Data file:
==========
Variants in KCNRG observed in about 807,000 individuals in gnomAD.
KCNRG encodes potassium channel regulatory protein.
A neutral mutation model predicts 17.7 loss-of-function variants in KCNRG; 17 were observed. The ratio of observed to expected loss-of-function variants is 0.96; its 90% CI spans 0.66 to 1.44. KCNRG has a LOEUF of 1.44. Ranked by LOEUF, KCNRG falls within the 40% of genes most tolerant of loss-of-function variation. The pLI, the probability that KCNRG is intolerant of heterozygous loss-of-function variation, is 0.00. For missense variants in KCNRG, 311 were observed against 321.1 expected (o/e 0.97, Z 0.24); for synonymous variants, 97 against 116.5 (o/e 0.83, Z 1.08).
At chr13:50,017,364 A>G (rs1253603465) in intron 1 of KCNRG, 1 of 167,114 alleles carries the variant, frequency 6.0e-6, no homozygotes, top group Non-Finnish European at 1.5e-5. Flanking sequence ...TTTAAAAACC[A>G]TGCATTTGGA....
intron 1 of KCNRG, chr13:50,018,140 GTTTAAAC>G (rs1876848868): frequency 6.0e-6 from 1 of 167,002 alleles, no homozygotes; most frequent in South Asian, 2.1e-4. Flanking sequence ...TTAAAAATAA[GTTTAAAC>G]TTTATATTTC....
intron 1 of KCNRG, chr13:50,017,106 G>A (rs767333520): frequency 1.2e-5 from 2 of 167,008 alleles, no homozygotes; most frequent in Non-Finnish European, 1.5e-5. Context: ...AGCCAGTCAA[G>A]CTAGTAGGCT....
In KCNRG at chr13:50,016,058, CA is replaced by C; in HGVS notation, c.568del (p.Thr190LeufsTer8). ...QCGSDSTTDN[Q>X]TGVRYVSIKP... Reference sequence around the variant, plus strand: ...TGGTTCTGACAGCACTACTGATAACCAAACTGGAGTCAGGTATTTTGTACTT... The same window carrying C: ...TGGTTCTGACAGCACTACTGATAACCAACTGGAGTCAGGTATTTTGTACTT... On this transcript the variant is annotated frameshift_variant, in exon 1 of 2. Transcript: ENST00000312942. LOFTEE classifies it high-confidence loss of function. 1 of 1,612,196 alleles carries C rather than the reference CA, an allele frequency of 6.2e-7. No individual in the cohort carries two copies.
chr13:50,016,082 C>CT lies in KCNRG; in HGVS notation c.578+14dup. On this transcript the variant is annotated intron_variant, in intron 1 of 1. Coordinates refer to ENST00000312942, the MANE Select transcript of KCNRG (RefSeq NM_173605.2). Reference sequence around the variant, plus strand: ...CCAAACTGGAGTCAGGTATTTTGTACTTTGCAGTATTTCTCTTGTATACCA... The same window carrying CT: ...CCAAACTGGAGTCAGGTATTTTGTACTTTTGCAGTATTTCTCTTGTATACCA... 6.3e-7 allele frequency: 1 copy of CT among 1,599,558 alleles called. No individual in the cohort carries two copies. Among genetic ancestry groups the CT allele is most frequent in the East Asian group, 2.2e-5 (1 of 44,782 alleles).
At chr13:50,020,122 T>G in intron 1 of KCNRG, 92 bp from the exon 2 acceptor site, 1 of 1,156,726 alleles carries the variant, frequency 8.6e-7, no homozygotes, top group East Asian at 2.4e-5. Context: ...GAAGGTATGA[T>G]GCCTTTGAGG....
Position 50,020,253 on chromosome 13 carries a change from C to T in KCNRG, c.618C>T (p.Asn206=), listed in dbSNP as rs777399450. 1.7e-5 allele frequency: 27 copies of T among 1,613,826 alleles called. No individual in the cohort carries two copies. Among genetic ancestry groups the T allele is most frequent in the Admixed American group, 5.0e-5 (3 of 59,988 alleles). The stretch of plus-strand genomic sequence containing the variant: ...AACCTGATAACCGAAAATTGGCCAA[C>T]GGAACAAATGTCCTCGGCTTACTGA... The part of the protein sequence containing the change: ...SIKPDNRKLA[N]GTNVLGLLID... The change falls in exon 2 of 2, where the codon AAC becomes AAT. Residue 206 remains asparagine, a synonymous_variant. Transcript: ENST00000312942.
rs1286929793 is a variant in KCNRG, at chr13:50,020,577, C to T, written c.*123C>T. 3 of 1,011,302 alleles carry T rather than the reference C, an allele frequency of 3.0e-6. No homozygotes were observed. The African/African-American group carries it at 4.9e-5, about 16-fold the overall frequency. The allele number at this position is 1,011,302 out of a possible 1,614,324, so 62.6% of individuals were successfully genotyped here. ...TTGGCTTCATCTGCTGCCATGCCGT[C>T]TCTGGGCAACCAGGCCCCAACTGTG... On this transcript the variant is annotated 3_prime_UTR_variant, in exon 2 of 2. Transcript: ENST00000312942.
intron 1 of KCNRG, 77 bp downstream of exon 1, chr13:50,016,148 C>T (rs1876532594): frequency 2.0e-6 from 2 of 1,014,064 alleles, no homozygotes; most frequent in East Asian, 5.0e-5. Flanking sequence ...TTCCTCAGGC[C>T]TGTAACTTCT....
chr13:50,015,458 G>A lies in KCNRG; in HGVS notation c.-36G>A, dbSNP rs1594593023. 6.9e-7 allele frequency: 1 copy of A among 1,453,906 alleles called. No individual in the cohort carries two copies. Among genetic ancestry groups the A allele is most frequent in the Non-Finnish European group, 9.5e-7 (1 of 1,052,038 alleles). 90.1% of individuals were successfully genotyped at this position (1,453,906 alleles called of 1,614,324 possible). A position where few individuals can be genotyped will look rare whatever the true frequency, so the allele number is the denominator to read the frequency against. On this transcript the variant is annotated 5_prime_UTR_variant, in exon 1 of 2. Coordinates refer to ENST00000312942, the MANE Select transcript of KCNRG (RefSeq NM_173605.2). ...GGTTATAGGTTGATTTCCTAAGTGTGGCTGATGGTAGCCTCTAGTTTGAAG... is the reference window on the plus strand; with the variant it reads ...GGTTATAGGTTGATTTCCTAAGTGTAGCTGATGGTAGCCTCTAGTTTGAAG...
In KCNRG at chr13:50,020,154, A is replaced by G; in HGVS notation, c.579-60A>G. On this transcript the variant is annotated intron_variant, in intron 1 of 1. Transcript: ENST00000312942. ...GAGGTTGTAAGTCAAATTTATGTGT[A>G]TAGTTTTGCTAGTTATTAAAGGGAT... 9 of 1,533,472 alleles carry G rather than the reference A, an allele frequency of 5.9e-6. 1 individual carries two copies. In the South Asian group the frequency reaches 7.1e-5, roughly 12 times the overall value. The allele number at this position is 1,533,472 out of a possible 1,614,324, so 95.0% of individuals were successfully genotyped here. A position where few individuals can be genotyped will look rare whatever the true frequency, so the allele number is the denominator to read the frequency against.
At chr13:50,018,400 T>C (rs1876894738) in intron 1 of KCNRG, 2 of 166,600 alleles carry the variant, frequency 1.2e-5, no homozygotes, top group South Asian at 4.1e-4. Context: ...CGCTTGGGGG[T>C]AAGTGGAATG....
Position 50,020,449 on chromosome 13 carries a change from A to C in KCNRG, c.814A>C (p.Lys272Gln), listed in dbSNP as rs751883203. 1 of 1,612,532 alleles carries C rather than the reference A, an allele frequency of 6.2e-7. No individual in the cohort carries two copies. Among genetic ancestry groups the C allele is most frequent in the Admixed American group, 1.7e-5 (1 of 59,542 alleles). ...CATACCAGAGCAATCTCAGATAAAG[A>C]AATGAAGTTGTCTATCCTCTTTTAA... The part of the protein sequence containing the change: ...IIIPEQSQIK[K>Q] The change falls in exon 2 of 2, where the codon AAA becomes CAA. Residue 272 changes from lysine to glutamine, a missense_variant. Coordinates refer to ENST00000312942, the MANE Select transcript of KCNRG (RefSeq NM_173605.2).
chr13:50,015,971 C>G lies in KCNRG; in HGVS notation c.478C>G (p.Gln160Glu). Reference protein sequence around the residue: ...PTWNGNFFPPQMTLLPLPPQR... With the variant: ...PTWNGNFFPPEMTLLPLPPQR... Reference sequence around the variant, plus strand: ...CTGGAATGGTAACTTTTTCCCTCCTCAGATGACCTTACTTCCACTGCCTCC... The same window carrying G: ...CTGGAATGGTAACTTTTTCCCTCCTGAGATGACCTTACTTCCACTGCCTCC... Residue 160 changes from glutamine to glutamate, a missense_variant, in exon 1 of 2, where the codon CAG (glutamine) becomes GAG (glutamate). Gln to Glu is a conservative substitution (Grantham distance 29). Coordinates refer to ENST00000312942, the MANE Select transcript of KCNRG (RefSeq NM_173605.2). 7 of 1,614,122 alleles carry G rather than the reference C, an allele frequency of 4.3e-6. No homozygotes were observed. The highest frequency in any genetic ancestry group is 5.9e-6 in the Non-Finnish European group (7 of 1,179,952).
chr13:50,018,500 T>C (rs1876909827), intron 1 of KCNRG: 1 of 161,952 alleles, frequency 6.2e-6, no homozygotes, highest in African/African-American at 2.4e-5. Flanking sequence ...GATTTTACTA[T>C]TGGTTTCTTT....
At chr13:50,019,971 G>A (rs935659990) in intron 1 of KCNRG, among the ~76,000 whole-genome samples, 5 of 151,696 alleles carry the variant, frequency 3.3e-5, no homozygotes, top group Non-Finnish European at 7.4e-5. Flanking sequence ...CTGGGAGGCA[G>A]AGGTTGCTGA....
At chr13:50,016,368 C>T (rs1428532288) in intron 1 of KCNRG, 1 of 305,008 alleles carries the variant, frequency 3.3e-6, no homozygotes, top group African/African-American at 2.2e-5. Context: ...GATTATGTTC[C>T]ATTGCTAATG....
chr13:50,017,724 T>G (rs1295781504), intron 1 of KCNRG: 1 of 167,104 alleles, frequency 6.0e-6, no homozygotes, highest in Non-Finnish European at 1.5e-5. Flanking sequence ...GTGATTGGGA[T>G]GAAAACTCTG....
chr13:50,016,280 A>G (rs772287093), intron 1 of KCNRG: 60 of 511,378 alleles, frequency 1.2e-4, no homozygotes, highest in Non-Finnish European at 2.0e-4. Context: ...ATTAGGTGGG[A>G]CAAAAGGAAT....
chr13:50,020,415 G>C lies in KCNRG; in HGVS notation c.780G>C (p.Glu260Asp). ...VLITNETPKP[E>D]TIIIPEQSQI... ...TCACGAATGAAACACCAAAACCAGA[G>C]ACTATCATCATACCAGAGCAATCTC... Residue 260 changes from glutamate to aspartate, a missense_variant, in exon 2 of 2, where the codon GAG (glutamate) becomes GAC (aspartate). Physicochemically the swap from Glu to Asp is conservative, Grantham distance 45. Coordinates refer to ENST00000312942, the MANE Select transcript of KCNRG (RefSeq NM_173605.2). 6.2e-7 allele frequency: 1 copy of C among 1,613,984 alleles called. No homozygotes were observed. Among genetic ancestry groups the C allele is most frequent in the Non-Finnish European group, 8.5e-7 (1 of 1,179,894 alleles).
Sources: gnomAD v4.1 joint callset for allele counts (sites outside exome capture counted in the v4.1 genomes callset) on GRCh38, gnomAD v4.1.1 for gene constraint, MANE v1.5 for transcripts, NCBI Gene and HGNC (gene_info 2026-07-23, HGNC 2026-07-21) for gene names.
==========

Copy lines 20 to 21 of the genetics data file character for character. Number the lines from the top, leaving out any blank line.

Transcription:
At chr13:50,016,368 C>T (rs1428532288) in intron 1 of KCNRG, 1 of 305,008 alleles carries the variant, frequency 3.3e-6, no homozygotes, top group African/African-American at 2.2e-5. Context: ...GATTATGTTC[C>T]ATTGCTAATG....
chr13:50,017,724 T>G (rs1295781504), intron 1 of KCNRG: 1 of 167,104 alleles, frequency 6.0e-6, no homozygotes, highest in Non-Finnish European at 1.5e-5. Flanking sequence ...GTGATTGGGA[T>G]GAAAACTCTG....